Geektime spoke with Co-Founder and CEO Frederic Lalonde to discuss the company’s 2017 plans and forecasts
Hopper, an airfare prediction app, has closed a Series C funding round worth $61.7 million this week. With this, the Montreal- and Cambridge-based company founded in 2007 has raised $82 million to date.
“Mobile commerce has reached the tipping point globally,” CEO and Co-Founder Frederic Lalonde said in a statement. “We have growth initiatives slated for Q1 2017 in over 20 countries in Latin America, Europe and Asia.”
Major Canadian pension fund Caisse de dépôt et placement du Québec (CDPQ) led the round, which also included multiple previous investors, such as Brightspark Ventures, Accomplice, OMERS Ventures, Investissement Québec, and BDC Capital IT Venture Fund.
The company’s new hires will be concentrated between expanding the Montreal-based support team and doubling their number of engineers. It’s also looking to partner with new carriers, including European budget airlines RyanAir and EasyJet.
The company has increased its user base substantially, to 10 million users on both iOS and Android, and has a monthly installation count of 1 million. The flights it sells are worth over $1 million on a daily basis. Originally established to help travelers plan out vacations based on activities they’d like, the company quickly transitioned from that aspect of trip planning to finding cheaper plane tickets for those travelers: “We basically stumbled upon the new focus by accident,” Co-Founder and CTO Joost Ouwerkerk told BostInno last year.
“We’re a data science company,” Lalonde told Geektime in an email, and has high confidence in its ability to produce results: “In 95% of cases, we do save users money or at least the same price as their first search on Hopper.” In the remaining instances where the prediction is off, he says, “We encourage users to reach out to us so we can look into it,” as, “This helps us improve our forecasts and also rectify situations where we missed the mark.”
He adds that users save on average $150 annually when they use the app to manage their bookings. Hopper has enjoyed a positive reception since it began ramping up its operations, taking the Apple’s App Store Best of 2015 Award for travel, the Google Play Award for Standout Startup of 2016, and the 2016 Webby Award for Best Travel App.
“We use our historical data to create trip-specific pricing forecasts up to a year in advance of departure based on current and historical yield trends, as well as pricing volatility.” Users will begin looking at prices about three months before departure, and this is about a month more than other travelers. “The earlier a user sets up a ‘trip watch’,” according to Lalonde, “the greater their savings will be in the app.”
It can be tricky to account for sudden swings, as airfares can change over a matter of hours. As the company’s Chief Data Scientist Patrick Surry puts it, “If we’re too conservative and recommend that you buy too early, we risk missing out on a good deal later, but if we’re too optimistic we might wait too long looking for a price that will never occur.”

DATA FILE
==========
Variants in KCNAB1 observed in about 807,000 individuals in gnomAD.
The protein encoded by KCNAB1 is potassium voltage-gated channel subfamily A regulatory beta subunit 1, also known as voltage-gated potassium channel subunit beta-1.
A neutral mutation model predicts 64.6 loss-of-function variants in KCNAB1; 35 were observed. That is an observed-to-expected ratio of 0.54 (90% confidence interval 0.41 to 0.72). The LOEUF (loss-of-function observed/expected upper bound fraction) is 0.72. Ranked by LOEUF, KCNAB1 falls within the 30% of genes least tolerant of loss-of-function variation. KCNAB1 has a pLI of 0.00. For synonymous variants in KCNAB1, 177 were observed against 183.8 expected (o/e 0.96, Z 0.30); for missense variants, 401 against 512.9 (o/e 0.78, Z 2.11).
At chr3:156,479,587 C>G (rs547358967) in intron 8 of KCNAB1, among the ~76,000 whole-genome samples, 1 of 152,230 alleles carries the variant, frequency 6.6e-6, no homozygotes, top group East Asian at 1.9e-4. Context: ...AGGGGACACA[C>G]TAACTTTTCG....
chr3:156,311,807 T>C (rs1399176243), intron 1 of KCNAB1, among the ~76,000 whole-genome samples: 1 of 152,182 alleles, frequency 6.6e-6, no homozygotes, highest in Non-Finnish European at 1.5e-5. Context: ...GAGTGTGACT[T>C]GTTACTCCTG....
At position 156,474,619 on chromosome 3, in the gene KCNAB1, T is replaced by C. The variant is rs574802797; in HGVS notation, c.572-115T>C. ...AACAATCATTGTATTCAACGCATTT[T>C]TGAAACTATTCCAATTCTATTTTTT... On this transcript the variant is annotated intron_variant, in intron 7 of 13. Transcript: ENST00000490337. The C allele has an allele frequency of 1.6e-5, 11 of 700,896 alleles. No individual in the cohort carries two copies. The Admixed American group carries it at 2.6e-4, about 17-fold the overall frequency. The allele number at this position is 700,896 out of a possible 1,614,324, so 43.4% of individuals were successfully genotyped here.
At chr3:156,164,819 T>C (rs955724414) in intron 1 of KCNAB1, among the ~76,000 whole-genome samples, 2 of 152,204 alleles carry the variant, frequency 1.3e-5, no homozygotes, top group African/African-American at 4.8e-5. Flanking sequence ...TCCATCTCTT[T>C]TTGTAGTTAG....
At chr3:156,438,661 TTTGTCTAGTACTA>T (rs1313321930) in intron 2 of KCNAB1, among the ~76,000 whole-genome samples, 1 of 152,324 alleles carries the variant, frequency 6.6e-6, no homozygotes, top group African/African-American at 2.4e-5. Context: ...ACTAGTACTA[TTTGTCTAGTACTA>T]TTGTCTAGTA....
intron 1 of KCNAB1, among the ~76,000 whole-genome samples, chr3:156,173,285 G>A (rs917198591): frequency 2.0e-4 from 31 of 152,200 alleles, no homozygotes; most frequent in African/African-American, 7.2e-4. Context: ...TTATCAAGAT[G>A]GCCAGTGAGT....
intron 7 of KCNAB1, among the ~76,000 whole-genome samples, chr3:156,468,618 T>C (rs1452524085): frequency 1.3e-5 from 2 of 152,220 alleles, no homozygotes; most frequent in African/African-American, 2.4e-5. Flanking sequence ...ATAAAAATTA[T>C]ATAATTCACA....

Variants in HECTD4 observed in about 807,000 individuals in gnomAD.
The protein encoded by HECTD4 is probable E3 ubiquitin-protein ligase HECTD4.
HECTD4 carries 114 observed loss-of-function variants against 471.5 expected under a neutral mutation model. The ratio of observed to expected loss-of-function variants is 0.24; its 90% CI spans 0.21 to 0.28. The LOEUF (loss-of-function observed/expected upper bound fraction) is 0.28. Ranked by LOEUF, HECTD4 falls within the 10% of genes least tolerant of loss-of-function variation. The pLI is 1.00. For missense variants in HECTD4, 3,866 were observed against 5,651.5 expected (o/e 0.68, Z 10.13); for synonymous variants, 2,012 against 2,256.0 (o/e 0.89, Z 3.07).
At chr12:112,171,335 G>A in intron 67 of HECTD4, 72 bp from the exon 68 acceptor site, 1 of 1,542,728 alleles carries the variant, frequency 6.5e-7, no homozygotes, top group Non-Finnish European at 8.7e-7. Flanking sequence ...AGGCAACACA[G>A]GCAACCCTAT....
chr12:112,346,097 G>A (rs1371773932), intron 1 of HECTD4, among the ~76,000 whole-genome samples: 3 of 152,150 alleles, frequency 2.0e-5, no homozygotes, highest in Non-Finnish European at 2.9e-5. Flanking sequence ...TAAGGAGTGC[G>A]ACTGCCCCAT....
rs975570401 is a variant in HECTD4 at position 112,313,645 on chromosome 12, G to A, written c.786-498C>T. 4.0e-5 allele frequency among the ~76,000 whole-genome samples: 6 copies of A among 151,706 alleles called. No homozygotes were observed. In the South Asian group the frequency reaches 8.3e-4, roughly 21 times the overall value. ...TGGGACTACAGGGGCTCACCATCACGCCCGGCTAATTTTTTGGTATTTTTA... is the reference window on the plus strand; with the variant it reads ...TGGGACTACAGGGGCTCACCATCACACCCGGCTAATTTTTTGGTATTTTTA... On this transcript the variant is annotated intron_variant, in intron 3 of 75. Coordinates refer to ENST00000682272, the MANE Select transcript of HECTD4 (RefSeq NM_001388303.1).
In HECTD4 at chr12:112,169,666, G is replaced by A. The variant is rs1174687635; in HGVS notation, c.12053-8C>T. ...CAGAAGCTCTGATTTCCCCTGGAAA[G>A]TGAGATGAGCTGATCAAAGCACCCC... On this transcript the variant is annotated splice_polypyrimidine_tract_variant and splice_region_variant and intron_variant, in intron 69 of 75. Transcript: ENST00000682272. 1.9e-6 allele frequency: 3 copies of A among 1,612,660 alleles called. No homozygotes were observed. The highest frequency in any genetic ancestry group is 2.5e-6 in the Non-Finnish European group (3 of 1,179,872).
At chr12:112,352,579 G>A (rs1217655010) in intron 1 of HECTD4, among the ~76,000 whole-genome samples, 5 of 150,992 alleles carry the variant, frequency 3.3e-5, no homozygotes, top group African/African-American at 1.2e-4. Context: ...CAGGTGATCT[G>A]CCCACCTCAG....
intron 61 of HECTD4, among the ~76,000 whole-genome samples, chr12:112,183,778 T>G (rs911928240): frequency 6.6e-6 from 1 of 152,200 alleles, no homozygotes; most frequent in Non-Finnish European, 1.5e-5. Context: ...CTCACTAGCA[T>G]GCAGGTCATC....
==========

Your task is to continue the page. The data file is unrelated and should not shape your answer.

That said, because airlines generally assess customer behavior in terms of last-minute travelers who will pay more for a ticket and the majority of people who book earlier are on a more restricted budget, advance purchase patterns can be picked out months before the departure date. The data set for these calculations is collected across 8 billion airfare price quotes per day, and an archive of 5.2 trillion entries going back three years or more.
But, what about sudden changes in prices caused by political upheaval? The past two years have not been kind to tourism in Turkey and Egypt, for example, due to political violence that drove foreign visitors away and forced operators to slash prices: or, say, Brexit’s effect on the GBP-EUR exchange rate and airline regulations. The single-most watched global destination outside of the US for 2017, Hopper predicts, is in fact London.
“Prices are normally unaffected in the short term,” Lalonde explained, but, “This type of unforeseen event often has an immediate impact on search behavior, with an initial spike as many people try to assess what impact it has on their travel plans, typically followed by a longer-term weakening of demand (for a negative event).” In the long term, prices and capacity drop, which they’ve observed in international travel from the US in 2016.
With respect to the aforementioned Brexit event, which threw the EU into turmoil as the UK voted to leave the supranational body and its attendant customs and financial standards, Hopper was able to calculate how the fallout from this event could impact tourists. “Europe and the UK has had a lot of negative coverage in the last year (refugee crisis, terror attacks, Greek crisis, etc.),” according to Surry, and so, “Brexit was likely the final straw and airlines are likely concerned that uncertainty and trepidation will reduce overall demand.”
In the long run, once the terms of Brexit are decided, “Additional border controls would make London less attractive as a European transit hub, which along with a cheaper pound easing local operating costs, could lead to lower fares to the UK in the medium term.”
Hopper also outlined for Geektime what destinations travelers can expect to see greater savings by using Hopper – more than 30% – for both US domestic and international flights. In the case of the former, some of the biggest savings will be for Washington, D.C. (50%), Baltimore (49%), Denver (42%), and Savannah and Houston (39%). Internationally, the Caribbean looks the most attractive, covering Costa Rica (49%), Barbados (45%), and Trinidad and Tobago (42%).